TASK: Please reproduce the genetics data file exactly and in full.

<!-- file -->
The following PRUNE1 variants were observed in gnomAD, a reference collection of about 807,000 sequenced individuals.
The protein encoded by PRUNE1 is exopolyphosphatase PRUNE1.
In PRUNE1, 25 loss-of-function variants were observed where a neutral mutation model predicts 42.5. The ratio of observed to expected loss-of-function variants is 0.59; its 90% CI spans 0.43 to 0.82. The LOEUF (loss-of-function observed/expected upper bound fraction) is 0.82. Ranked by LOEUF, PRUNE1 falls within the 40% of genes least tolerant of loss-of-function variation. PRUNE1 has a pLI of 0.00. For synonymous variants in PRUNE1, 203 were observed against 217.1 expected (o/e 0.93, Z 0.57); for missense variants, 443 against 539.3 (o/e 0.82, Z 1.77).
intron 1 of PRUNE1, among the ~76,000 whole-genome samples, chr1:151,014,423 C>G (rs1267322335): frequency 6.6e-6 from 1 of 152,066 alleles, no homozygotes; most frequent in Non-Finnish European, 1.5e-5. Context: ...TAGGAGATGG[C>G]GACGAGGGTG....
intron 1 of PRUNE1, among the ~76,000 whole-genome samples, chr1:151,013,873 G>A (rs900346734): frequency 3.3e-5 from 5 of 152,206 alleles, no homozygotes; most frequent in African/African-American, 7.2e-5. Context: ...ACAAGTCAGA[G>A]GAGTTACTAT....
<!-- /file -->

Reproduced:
The following PRUNE1 variants were observed in gnomAD, a reference collection of about 807,000 sequenced individuals.
The protein encoded by PRUNE1 is exopolyphosphatase PRUNE1.
In PRUNE1, 25 loss-of-function variants were observed where a neutral mutation model predicts 42.5. The ratio of observed to expected loss-of-function variants is 0.59; its 90% CI spans 0.43 to 0.82. The LOEUF (loss-of-function observed/expected upper bound fraction) is 0.82. Ranked by LOEUF, PRUNE1 falls within the 40% of genes least tolerant of loss-of-function variation. PRUNE1 has a pLI of 0.00. For synonymous variants in PRUNE1, 203 were observed against 217.1 expected (o/e 0.93, Z 0.57); for missense variants, 443 against 539.3 (o/e 0.82, Z 1.77).
intron 1 of PRUNE1, among the ~76,000 whole-genome samples, chr1:151,014,423 C>G (rs1267322335): frequency 6.6e-6 from 1 of 152,066 alleles, no homozygotes; most frequent in Non-Finnish European, 1.5e-5. Context: ...TAGGAGATGG[C>G]GACGAGGGTG....
intron 1 of PRUNE1, among the ~76,000 whole-genome samples, chr1:151,013,873 G>A (rs900346734): frequency 3.3e-5 from 5 of 152,206 alleles, no homozygotes; most frequent in African/African-American, 7.2e-5. Context: ...ACAAGTCAGA[G>A]GAGTTACTAT....